Other disorders which cause macrocytosis without DNA replication problems (i.e., non-megaloblastic macrocytic anemias), are disorders associated with increased red cell membrane surface area, such as pathologies of the liver and spleen which produce codocytes or "target cells" which have a central collection of hemoglobin surrounded by a pallor (a thin area) then followed by a thicker collection of hemoglobin at the rim of the cell.
Round macrocytes which are not codocytes are produced in chronic alcoholism (which produces a mild macrocytosis even in the absence of vitamin deficiency), apparently as a direct toxic effect of alcohol specifically on the bone marrow. Excessive alcohol consumption is one of the most common causes of macrocytosis and non-megaloblastic macrocytic anemia.
Association with rapid red cell turnover and reticulocytosis
Mild macrocytosis is a common finding associated with rapid blood restoration or production, since in general, "fresh" or newly produced red cells (reticulocytes) are larger than the mean (average) size, due to slow shrinkage of normal cells over a normal red cell circulating lifetime. Thus, chronic obstructive pulmonary disease (COPD), in which red cells are rapidly produced in response to low oxygen levels in the blood, often produces mild macrocytosis. The macrocytosis associated with COPD is also attributed to excess cell water secondary to carbon dioxide retention. Also, rapid blood replacement from the marrow after a traumatic blood loss, or rapid red blood cell turnover from rapid hemolysis (G6PD deficiency), also often produces mild macrocytosis in the associated anemia.
Several tests can help to elucidate the underlying cause of a person's macrocytic anemia. A peripheral blood smear is often recommended as a first step in the evaluation to determine if the macrocytic anemia has megaloblastic features since the causes of megaloblastic and non-megaloblastic macrocytic anemia differ and making this distinction can narrow the list of differential diagnoses.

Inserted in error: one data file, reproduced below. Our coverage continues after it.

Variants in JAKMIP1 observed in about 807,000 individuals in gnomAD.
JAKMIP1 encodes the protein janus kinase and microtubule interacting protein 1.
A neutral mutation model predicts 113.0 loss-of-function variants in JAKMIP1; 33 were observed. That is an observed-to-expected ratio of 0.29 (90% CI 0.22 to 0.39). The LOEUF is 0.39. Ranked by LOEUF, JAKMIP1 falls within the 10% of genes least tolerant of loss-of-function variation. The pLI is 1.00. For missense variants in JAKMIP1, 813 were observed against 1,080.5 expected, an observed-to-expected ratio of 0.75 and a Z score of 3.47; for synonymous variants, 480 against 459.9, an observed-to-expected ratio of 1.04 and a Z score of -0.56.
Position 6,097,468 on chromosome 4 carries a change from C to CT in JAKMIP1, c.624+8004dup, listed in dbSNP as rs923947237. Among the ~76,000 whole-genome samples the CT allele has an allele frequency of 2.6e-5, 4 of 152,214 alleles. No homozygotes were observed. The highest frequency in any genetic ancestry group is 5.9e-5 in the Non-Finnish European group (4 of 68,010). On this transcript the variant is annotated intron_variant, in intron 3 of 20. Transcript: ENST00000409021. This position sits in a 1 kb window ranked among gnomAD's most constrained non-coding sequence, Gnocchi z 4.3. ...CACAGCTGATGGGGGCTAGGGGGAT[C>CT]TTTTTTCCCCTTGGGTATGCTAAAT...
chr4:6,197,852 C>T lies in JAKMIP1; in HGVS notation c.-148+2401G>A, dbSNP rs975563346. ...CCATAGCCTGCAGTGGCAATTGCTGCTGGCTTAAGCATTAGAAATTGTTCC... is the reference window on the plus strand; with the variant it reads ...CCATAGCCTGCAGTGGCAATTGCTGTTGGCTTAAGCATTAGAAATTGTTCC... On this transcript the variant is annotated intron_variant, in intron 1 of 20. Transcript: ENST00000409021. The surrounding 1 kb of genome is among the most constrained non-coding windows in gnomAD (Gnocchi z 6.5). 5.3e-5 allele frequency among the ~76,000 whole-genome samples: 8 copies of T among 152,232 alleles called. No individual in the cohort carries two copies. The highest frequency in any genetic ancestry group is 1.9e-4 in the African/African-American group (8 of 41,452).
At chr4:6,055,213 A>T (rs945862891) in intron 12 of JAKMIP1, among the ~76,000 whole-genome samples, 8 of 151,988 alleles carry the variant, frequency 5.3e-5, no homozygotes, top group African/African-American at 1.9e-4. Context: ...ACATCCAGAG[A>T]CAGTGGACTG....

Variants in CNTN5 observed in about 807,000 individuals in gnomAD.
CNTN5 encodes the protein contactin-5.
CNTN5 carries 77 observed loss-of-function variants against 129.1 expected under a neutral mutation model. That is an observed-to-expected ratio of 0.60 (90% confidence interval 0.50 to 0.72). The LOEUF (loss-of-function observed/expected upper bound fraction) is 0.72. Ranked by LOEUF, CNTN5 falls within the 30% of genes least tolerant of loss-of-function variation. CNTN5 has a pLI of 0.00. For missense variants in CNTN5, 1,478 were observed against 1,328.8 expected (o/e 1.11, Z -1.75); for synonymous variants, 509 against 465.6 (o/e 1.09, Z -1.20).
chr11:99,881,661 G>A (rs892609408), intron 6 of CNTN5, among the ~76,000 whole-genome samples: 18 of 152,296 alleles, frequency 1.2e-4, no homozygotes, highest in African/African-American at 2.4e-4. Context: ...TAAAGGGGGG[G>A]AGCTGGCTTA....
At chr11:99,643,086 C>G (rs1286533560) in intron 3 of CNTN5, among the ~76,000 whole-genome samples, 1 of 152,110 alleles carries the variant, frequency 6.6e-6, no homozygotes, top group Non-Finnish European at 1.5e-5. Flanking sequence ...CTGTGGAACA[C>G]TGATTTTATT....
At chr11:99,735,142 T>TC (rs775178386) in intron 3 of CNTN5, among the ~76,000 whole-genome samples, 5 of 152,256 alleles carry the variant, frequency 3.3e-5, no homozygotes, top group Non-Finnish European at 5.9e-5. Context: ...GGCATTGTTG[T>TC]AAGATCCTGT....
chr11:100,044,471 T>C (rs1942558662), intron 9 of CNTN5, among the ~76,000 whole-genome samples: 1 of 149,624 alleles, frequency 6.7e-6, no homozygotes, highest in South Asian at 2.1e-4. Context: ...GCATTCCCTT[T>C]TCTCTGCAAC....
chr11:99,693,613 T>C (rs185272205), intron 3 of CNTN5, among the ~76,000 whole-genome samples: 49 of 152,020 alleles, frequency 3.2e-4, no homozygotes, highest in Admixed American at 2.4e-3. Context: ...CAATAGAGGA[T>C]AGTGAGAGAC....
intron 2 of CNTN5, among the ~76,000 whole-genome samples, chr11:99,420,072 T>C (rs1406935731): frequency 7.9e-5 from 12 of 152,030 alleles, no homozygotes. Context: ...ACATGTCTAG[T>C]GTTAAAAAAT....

For non-megaloblastic macrocytic anemias, a reticulocyte count may be helpful. Non-megaloblastic macrocytic anemias with a low reticulocyte count (indicating a poor bone marrow response to the anemia) suggest liver disease (e.g., cirrhosis), hypothyroidism, toxic effects of alcohol on the bone marrow, or myelodysplasia. In contrast, non-megaloblastic macrocytic anemias associated with a high reticulocyte count (reticulocytosis) may be caused by hemolysis or bleeding.
For megaloblastic macrocytic anemias, useful tests may include serum levels of Vitamin B12, methylmalonic acid, and homocysteine. If there is no clear evidence of Vitamin B12 or folic acid deficiency, additional causes of megaloblastic anemia include copper deficiency, medications, and certain inborn errors of metabolism.
Macrocytic anemias have several causes but with the implementation of folic acid fortification in North America, folic acid deficiency has become a rare cause of megaloblastic macrocytic anemia in that part of the world. In this region, Vitamin B12 deficiency is a far more common cause of megaloblastic macrocytic anemia. In countries that have not put such practices into place-including most European nations-folic acid deficiency remains a common cause of macrocytic anemia.